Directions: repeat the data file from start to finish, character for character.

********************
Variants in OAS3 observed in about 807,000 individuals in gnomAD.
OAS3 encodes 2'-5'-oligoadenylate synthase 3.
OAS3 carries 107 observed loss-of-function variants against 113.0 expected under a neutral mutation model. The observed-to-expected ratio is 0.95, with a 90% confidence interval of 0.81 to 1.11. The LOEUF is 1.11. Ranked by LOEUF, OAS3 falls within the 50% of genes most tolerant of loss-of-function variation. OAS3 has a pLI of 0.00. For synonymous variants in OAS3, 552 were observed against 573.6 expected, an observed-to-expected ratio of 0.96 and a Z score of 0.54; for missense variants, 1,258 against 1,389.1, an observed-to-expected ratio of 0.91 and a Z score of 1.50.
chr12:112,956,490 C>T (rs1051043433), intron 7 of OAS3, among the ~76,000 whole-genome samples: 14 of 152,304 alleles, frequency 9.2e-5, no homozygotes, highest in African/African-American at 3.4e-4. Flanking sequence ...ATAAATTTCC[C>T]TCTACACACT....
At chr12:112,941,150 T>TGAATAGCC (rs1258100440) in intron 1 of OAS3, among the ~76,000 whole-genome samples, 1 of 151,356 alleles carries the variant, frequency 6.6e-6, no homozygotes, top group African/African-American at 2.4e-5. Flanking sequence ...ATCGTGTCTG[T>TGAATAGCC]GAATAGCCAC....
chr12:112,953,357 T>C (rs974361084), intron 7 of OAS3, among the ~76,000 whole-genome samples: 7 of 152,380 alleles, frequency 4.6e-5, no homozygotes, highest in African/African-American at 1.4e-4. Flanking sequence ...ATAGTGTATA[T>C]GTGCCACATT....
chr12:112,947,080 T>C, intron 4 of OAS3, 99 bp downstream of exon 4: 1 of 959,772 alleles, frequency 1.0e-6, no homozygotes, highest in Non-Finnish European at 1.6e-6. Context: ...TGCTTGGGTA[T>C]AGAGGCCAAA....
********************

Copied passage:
Variants in OAS3 observed in about 807,000 individuals in gnomAD.
OAS3 encodes 2'-5'-oligoadenylate synthase 3.
OAS3 carries 107 observed loss-of-function variants against 113.0 expected under a neutral mutation model. The observed-to-expected ratio is 0.95, with a 90% confidence interval of 0.81 to 1.11. The LOEUF is 1.11. Ranked by LOEUF, OAS3 falls within the 50% of genes most tolerant of loss-of-function variation. OAS3 has a pLI of 0.00. For synonymous variants in OAS3, 552 were observed against 573.6 expected, an observed-to-expected ratio of 0.96 and a Z score of 0.54; for missense variants, 1,258 against 1,389.1, an observed-to-expected ratio of 0.91 and a Z score of 1.50.
chr12:112,956,490 C>T (rs1051043433), intron 7 of OAS3, among the ~76,000 whole-genome samples: 14 of 152,304 alleles, frequency 9.2e-5, no homozygotes, highest in African/African-American at 3.4e-4. Flanking sequence ...ATAAATTTCC[C>T]TCTACACACT....
At chr12:112,941,150 T>TGAATAGCC (rs1258100440) in intron 1 of OAS3, among the ~76,000 whole-genome samples, 1 of 151,356 alleles carries the variant, frequency 6.6e-6, no homozygotes, top group African/African-American at 2.4e-5. Flanking sequence ...ATCGTGTCTG[T>TGAATAGCC]GAATAGCCAC....
chr12:112,953,357 T>C (rs974361084), intron 7 of OAS3, among the ~76,000 whole-genome samples: 7 of 152,380 alleles, frequency 4.6e-5, no homozygotes, highest in African/African-American at 1.4e-4. Flanking sequence ...ATAGTGTATA[T>C]GTGCCACATT....
chr12:112,947,080 T>C, intron 4 of OAS3, 99 bp downstream of exon 4: 1 of 959,772 alleles, frequency 1.0e-6, no homozygotes, highest in Non-Finnish European at 1.6e-6. Context: ...TGCTTGGGTA[T>C]AGAGGCCAAA....